Or we have a Jeremy Corbyn led Labour government dedicated to serving and helping the “many and not the few”.

If we, the electorate make the wrong choice, I fear deeply for our collective futures.

For decades our country has been sleep walking into a world of personal greed, arrogance and self-importance with totems such as million pound homes, winner takes all, designer clothes labels and reverence to the aristocracy.

Human kindness, gentleness, peace, society and social justice were jettisoned for a winner takes all mentality and a scapegoating of the homeless, those claiming benefits, the disabled, Muslims, asylum seekers and the poor in general.

Once again, the choice is simple.

We must not again elect a UK government compiled of self-seeking rich Tory elitists who care more about their mansions and banking friends than about people.

And their shopping list for change is truly terrifying.

Over the next few years an unshackled Theresa May Conservative government will:

  • Bungle a Hard Brexit in which we will lose all the social and economic benefits and safeguards we have collectively fought so hard to preserve for the past 45 years.
  • Rip up the Human Rights Act, which underpins our legal system and protects all our basic freedoms and those of persecuted minorities.
  • Spend £200billion on replacing Trident with new nuclear weapons, which at the push of a button could wipe out millions of lives and pollute our planet for tens of thousands of years.
  • Make £12.8billion of cuts to welfare, leaving the poorest, the oldest and the weakest in our society facing the bleakest of futures. In turn this will ensure the need for a food bank in every town and extend child poverty ensuring suffering and a loss of opportunity for millions.
  • Begin a phased end to council housing, thus pushing up rents in the private sector and making families homeless. Once again – as under Thatcher – we are already seeing a surge in rough sleeping and begging.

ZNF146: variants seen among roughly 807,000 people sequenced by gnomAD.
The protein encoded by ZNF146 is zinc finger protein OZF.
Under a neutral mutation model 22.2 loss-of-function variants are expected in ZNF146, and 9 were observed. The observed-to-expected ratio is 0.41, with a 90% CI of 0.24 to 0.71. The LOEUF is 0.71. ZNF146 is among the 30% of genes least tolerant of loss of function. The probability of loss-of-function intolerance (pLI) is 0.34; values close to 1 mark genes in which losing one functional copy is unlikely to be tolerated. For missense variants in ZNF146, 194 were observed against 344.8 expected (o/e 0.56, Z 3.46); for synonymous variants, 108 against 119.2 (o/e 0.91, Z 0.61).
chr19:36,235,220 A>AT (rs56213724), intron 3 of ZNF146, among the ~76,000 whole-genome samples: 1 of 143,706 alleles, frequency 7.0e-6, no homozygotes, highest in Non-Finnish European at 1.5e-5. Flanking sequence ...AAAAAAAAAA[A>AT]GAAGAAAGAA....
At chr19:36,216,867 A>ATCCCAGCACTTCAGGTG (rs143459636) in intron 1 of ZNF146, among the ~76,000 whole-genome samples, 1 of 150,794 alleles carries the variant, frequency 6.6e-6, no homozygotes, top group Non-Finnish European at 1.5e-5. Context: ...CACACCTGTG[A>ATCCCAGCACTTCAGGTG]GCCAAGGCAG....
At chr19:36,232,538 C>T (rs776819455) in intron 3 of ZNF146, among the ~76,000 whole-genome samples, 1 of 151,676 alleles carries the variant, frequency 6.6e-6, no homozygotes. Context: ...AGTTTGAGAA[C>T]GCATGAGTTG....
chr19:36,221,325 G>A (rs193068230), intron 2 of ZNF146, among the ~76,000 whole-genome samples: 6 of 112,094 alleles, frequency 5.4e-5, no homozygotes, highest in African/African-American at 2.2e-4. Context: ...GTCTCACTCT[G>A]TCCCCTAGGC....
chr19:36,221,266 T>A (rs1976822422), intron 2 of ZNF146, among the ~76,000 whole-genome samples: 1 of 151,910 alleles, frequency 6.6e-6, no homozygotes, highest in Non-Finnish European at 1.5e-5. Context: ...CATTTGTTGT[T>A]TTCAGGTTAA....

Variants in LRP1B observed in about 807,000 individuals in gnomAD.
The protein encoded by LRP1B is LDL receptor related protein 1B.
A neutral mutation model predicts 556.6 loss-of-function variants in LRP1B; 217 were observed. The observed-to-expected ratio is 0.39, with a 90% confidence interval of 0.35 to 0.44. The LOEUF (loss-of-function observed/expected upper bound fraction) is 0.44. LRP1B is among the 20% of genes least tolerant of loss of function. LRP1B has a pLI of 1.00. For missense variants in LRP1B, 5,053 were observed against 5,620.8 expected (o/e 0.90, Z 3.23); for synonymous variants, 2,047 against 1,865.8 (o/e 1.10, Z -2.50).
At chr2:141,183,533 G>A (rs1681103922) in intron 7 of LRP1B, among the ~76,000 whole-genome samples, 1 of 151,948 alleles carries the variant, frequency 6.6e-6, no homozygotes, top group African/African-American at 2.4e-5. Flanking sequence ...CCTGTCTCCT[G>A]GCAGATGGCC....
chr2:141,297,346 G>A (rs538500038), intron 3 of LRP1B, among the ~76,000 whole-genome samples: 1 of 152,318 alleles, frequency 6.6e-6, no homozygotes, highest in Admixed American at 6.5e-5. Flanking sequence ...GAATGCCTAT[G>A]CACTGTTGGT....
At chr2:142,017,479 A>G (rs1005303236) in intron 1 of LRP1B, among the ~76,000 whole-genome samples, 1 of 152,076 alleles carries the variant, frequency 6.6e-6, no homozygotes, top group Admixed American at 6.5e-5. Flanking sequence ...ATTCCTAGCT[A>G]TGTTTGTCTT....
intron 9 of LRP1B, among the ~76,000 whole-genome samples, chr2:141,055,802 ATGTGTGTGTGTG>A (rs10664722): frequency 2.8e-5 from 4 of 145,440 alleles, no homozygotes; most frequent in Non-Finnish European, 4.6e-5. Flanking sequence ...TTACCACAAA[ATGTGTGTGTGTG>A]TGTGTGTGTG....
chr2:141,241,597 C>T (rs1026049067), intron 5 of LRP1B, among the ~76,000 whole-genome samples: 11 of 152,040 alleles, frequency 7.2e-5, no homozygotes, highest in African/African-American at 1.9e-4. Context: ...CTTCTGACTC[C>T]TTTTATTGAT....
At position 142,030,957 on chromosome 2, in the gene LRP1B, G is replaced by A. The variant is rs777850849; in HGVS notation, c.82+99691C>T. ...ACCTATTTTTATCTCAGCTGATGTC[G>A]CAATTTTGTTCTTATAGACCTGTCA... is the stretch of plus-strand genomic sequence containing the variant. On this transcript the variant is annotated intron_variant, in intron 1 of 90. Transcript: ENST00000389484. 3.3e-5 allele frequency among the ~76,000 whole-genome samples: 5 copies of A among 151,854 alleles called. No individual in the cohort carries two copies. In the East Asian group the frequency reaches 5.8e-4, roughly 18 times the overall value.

• Will enact tougher sanctions on migrants and refugees whether from Europe or beyond.
  • Involve the UK in further illegal wars in the Middle East and trigger an increase in racism and Islamophobia.
  • Back a return of the barbaric blood sports of fox hunting and deer coursing.
  • Extend zero hours contracts, thus massaging the unemployment figures and leaving thousands of the poorest people without any job security.
  • Legislate for more private schools and academies which will imbed the class system even deeper in our society, rather focus on improving our state schooling system.
  • Escalate and accelerate the privatisation of the NHS, so medical care will depend on wealth and power rather than need.
  • Then redraw constituency boundaries so these same corrupt capitalist elitists stay in power for another 20 more years.

But under Jeremy Corbyn, Labour is offering a real and radical alternative which gives renewed hope of a better future.

Over the past two years this gentle political firebrand has packed out meetings and hustings the length and breadth of this country with his simple messages of fairness, compassion and change

His messages have caught the hearts and minds of millions.

Now those messages are wrapped up in Labour’s pledges for this General Election and will be spelt out fully in the party’s manifesto, which will be launched next week.

Jeremy Corbyn’s 10 Pledges to Rebuild and Transform Britain are quite simply breath-taking and wonderful:

  1. Full Employment – a publicly-owned National Investment Bank and regional banks will back up £500bn of investment across energy, transport and housing.
  2. A Secure Homes Guarantee – over a million new homes in five years will be built, with at least half a million council homes, through its public investment strategy.
  3. Security at work – people will have stronger employment rights “from day one in a job”, an end to “exploitative zero hours contracts”, repeal the Trade Union Act and the creation of new sectoral collective bargaining rights. Ensure that any employer wishing to recruit labour from abroad does not undercut workers at home – because it causes divisions when people are played off against each other.
  4. A secure NHS and social care – an end to any NHS services being outsourced to private health providers.
  5. A National Education Service – universal childcare to give all children a good start in life, allowing greater sharing of caring responsibilities and removing barriers to women participating in the labour market.